As something of an afterthought in a Northwest Herald article flattering McHenry County Board Chairman Jack Franks, the top local Democrat siad the following:
“Our assessors should be centralized instead of having all of these different ones throughout the county it should just be one. I think that way it would be much more uniform…we shouldn’t be treating any of our citizens differently.”
Of course, the law regarding assessment is the same in all of McHenry County’s townships.
One-third of market value, as defined by a three-year average.
Again, I apologize for agreeing to the three-year average.
I was on the Conference Committee that set the standard after the 1970 Stat Constitution gave the legislature that power.
The impetus came from the Illinois Agriculture Association, which pointed out that a recreational development (Galena Territory) in Jo Daviess County had driven up farm prices to unnatural levels.
So, instead of a one-year average that human beings could understand, the statute set a three-year average.
There is nothing conceptually wrong with a county assessor doing all the assessments, but history in McHenry County tells us that sometimes one needs a strong township assessor to protect local taxpayers from the wrath of county government.
During the term of Algonquin Township Assessor Forrest B. Hare, it was discovered that property owners in this southeaserntmost part of McHenry County was assessed much higher than the rest of the county.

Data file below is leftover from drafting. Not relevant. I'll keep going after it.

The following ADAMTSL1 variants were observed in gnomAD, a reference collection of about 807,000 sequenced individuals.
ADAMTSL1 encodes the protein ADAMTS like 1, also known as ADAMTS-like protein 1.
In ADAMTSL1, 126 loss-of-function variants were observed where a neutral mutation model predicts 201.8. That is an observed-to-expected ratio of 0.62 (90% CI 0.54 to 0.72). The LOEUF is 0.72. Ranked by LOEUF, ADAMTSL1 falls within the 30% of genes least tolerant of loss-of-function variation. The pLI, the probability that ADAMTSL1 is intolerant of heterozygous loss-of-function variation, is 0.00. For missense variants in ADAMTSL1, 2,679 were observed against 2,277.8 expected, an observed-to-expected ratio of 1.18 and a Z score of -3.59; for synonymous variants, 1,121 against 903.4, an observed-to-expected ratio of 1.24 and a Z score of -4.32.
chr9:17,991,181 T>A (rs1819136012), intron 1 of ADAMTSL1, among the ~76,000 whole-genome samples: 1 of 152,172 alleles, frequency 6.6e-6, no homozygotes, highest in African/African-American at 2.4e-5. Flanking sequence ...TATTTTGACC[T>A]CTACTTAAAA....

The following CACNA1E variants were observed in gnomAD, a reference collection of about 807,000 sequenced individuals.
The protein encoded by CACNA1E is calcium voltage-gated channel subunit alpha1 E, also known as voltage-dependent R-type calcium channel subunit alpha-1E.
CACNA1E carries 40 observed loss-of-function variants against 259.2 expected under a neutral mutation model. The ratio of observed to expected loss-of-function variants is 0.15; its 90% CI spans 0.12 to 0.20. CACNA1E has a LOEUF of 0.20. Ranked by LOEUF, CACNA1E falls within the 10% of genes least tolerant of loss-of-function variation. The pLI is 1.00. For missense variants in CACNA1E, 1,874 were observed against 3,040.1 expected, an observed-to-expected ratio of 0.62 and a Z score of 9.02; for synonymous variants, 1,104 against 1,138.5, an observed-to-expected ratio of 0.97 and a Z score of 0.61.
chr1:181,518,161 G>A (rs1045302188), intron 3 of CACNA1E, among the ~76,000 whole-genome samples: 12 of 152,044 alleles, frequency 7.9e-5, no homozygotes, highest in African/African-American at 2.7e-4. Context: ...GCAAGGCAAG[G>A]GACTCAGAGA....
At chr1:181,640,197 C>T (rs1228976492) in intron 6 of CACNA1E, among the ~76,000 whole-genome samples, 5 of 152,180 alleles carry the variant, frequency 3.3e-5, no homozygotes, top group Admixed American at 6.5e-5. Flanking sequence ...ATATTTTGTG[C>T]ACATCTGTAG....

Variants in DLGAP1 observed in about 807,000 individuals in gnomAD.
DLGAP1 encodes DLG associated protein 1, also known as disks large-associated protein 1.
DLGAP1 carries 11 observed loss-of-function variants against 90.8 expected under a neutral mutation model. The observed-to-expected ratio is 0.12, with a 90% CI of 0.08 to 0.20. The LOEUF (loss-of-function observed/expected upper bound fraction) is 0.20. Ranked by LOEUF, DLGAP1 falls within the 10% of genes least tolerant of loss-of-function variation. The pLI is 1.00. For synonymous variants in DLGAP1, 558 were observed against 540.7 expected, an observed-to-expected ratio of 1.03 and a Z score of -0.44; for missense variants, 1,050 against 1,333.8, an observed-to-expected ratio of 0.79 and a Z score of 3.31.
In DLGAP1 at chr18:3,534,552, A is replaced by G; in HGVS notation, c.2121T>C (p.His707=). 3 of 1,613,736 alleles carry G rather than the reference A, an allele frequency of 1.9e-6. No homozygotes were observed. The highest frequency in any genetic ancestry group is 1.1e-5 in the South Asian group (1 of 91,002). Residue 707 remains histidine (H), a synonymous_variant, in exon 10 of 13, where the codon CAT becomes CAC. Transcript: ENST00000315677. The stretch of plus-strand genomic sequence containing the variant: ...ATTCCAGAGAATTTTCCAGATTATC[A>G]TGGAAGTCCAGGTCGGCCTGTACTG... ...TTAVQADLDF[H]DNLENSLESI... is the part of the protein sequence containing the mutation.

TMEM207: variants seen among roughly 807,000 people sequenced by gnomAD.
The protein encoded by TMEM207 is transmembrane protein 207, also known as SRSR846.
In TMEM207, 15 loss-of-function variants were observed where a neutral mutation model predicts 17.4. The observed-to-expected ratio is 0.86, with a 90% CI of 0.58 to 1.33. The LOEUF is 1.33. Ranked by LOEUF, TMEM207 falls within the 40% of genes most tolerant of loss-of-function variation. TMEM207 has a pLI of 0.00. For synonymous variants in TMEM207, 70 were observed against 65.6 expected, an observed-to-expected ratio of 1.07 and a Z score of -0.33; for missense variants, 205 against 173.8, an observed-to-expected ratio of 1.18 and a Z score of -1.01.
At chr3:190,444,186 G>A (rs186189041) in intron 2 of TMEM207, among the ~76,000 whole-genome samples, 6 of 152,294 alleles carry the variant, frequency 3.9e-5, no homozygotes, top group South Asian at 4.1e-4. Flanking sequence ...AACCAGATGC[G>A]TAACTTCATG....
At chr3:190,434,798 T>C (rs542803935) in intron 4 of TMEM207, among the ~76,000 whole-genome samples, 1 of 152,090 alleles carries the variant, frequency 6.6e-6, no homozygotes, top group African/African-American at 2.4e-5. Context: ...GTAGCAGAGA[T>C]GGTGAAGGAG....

In particular, buyers of new homes were assessed way higher than the county average. (They were at 60% of market value, while two sales ratio studies I conducted while County Treasurer showed the county average at 42.4%.)
Scuttlebutt at the county indicated that the reason was because people moving into Algonquin Township were the cause of the county’s problems and they deserved to be punished.
Hare provided that protection against the County Supervisor of Assessments.
Decentralization of power is one of the aspects of American government I hold most dearly.
Since the Supervisor of Assessments is appointed by the County Board Chairman, elimination of township assessors would place more power in the hands of that office.
And, how powerful can an assessor be.
Back until the early 1950’s Illinois County Treasurers were also in charge of assessing property.
At one of my first Illinois County Treasurers Association meetings, I learned from one of the older guys that the legislature had created the office of Supervisor of Assessments to take that power from Treasurer.
It was considered a reform measure.
The quip that I shall always remember came from when I asked why Treasurers and Sheriffs were limited to one term by the 1870 Stat Constitution. (They could run more than once, but not consequentially.)
The Constitutional fathers “figured if you couldn’t get rich in one term as Treasurer or Sheriff, you were too stupid to hold the job.”